Go Online to See The Trial of Chicago 7



Directed by Aaron Sorkin

Netflix, 130 minutes, R (language, drugs, bloodshed)





Like it or not–and I don’t–movies have been decoupled from cinemas. A while back, a friend told me I should see The Trial of the Chicago 7. I paid little heed because it was only available on Netflix Streaming, a platform I didn’t then have. He was right.  


If you doubt what I said about the declining importance of cinemas, consider that the above film made a measly $115,000 at the box office. Given that it cost $35 million to make, Chicago 7 is the biggest bombs in movie history, right? Wrong! It’s near the top of most-watched movies on Netflix. My friend also told me that Sacha Baron Cohen was superb in the film. I couldn’t imagine that, but he was right about that as well.


Chicago 7 is neither a documentary nor a faithful depiction of the days of Rage outside the Chicago Democratic National Convention in August 1968 or the five-month trial of dissidents that took place between September 1969 and February 1970. Anyone wishing to poke holes can do so. The opening montage shows events disconnected in time, the undercover agent tempting Jerry Rubin is fictional, women did not burn bras, the gentle giant Dave Dellinger never slugged anyone, defense attorney William Kunstler was more strident than depicted, Fred Hampton was murdered a month after Bobby Seale’s mistrial, and it was Dellinger, not Tom Hayden, who tried to read the names of Americans who died in Vietnam War during the trial.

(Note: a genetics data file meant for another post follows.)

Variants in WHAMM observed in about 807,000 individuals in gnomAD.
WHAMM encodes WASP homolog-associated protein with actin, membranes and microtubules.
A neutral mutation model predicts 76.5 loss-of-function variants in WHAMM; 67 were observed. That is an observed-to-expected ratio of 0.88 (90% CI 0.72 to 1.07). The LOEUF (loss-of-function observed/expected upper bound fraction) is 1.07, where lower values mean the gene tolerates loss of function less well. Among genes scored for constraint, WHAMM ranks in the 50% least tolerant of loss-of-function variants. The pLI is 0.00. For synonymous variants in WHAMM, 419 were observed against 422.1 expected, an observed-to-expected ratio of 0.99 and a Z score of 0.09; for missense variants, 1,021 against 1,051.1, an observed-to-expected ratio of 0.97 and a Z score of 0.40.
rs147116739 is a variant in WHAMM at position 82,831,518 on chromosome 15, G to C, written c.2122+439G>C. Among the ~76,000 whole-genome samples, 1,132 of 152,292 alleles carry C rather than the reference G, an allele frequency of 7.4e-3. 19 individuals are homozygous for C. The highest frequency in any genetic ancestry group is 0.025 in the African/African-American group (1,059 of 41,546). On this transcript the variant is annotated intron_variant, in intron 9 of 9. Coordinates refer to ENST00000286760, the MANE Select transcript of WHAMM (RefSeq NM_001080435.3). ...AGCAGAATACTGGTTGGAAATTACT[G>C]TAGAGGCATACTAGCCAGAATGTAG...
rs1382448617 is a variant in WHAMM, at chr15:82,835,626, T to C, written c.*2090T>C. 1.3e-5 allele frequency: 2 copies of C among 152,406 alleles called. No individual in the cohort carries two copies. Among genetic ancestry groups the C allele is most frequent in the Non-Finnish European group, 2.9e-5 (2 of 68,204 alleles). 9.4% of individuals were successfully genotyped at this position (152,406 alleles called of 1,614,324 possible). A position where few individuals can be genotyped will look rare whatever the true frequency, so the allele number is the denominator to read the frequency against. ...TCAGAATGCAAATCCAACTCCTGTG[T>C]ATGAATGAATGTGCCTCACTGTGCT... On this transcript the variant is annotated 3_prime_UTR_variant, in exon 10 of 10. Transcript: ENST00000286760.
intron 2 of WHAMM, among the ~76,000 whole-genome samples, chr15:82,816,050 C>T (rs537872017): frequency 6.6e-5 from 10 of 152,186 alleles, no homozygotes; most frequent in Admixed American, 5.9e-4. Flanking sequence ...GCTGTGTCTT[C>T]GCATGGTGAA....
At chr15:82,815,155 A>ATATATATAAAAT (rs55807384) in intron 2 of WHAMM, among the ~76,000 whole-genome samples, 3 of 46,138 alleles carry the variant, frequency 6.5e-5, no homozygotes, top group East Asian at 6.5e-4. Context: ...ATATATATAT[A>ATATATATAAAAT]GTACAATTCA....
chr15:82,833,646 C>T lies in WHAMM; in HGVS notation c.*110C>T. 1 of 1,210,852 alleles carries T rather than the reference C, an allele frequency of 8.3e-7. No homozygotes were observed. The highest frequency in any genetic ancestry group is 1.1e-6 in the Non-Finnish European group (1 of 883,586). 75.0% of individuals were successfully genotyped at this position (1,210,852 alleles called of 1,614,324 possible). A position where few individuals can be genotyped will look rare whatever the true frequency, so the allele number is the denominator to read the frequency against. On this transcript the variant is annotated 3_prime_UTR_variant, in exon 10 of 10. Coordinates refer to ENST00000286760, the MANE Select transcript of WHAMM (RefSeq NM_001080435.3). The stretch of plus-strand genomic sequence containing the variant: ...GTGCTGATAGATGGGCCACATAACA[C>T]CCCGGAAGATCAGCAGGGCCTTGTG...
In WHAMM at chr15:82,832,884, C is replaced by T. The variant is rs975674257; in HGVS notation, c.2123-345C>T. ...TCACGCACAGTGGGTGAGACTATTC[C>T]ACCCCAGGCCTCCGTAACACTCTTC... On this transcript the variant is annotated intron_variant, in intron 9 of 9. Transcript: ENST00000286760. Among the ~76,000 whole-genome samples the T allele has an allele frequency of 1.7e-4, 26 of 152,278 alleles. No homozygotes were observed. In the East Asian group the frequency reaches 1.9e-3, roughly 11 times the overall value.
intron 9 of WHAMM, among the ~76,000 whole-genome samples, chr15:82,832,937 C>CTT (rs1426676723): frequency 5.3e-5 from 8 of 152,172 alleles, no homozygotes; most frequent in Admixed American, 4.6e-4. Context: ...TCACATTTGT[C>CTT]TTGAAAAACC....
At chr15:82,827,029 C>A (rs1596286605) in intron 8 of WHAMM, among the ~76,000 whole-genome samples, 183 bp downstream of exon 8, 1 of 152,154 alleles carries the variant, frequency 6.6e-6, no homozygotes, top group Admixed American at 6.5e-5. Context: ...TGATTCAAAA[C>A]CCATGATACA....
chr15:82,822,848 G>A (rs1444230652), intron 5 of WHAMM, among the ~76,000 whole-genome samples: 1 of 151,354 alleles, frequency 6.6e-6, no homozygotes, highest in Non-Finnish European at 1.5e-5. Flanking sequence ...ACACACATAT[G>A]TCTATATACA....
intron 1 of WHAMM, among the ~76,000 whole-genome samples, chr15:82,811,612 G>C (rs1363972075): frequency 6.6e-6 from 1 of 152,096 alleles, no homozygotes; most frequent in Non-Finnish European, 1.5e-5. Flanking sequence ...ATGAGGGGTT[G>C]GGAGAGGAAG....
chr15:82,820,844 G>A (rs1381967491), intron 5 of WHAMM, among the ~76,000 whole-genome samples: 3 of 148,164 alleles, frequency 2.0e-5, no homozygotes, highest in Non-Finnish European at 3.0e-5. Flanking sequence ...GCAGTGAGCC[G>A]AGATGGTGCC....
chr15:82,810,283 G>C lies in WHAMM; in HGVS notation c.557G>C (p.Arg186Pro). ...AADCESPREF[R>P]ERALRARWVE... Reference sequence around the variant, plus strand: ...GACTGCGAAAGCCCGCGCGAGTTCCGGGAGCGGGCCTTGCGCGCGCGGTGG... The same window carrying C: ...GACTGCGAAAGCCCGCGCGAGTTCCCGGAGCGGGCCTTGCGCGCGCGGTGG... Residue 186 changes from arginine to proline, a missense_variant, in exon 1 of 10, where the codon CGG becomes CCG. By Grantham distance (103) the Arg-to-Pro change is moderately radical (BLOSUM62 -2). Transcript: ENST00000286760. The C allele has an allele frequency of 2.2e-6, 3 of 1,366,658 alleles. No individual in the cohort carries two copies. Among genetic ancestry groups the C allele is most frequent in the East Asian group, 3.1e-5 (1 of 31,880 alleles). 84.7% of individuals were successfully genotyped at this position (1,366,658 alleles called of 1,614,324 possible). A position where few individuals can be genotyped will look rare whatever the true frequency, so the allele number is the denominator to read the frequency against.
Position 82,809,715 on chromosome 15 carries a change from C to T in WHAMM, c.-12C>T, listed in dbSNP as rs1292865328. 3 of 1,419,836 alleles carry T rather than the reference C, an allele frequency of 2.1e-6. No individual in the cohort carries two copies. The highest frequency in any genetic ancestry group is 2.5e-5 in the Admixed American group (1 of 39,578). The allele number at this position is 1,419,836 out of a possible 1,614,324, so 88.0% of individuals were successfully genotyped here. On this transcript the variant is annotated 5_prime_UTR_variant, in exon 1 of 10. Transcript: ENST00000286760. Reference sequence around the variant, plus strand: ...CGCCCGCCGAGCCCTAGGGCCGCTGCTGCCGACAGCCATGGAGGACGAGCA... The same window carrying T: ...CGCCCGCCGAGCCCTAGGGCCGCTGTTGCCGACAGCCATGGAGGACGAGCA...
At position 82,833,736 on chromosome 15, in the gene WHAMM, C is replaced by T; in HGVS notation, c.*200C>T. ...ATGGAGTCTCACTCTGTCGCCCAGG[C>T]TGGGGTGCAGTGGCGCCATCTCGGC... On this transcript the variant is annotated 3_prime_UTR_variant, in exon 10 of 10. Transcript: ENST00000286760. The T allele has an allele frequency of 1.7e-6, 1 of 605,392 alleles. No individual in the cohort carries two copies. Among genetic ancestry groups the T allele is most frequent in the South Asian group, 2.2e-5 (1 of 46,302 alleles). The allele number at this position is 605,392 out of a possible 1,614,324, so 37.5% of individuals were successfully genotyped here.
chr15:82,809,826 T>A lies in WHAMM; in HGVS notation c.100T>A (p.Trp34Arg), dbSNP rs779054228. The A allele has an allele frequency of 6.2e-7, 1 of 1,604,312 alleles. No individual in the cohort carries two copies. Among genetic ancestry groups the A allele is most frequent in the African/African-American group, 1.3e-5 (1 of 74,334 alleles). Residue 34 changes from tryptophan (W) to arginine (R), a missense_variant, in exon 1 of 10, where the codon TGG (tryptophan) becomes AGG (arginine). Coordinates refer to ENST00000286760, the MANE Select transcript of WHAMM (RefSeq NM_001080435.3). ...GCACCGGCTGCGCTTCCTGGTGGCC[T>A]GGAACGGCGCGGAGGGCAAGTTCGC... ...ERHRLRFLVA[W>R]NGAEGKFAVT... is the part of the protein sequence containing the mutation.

The Trial of the Chicago 7 is a “dramatization.” Surprisingly, by taking a few liberties, it communicates a kind of truth better than had it not. It encapsulates the good and bad about this period of American history. On the plus side, it’s a reminder of the youthful energy and idealism of the counterculture, not to mention its courage in confronting injustice, State-sanctioned violence, and the inherent stupidity of the Vietnam War. Yet it also shows the soil being tilled for a brand of American fascism embodied by Nixon and his thugs that ultimately yielded the reactionary social views of Ronald Reagan and the thuggery of Donald Trump and his deplorables who would tear down America rather than embrace multiculturalism.